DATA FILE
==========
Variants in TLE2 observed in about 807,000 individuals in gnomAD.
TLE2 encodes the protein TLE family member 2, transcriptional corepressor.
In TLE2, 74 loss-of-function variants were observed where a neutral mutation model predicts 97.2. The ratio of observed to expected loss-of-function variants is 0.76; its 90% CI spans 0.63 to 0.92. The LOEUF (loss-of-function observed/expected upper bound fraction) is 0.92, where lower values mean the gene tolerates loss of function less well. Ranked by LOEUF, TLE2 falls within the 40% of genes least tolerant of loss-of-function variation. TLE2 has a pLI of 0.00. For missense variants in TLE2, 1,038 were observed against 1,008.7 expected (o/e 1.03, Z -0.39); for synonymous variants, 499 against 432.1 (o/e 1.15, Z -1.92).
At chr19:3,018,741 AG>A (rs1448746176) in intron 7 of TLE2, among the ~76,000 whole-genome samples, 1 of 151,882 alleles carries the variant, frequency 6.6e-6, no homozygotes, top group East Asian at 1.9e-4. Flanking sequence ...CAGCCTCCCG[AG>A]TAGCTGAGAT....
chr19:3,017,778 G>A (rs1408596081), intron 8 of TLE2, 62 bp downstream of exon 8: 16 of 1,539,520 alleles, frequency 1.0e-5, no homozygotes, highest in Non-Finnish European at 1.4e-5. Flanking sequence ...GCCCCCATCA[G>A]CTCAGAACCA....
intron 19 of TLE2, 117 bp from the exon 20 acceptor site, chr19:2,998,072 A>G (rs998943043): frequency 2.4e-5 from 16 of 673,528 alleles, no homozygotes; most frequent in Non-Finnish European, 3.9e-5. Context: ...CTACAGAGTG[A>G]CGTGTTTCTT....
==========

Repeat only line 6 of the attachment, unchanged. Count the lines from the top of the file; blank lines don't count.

intron 19 of TLE2, 117 bp from the exon 20 acceptor site, chr19:2,998,072 A>G (rs998943043): frequency 2.4e-5 from 16 of 673,528 alleles, no homozygotes; most frequent in Non-Finnish European, 3.9e-5. Context: ...CTACAGAGTG[A>G]CGTGTTTCTT....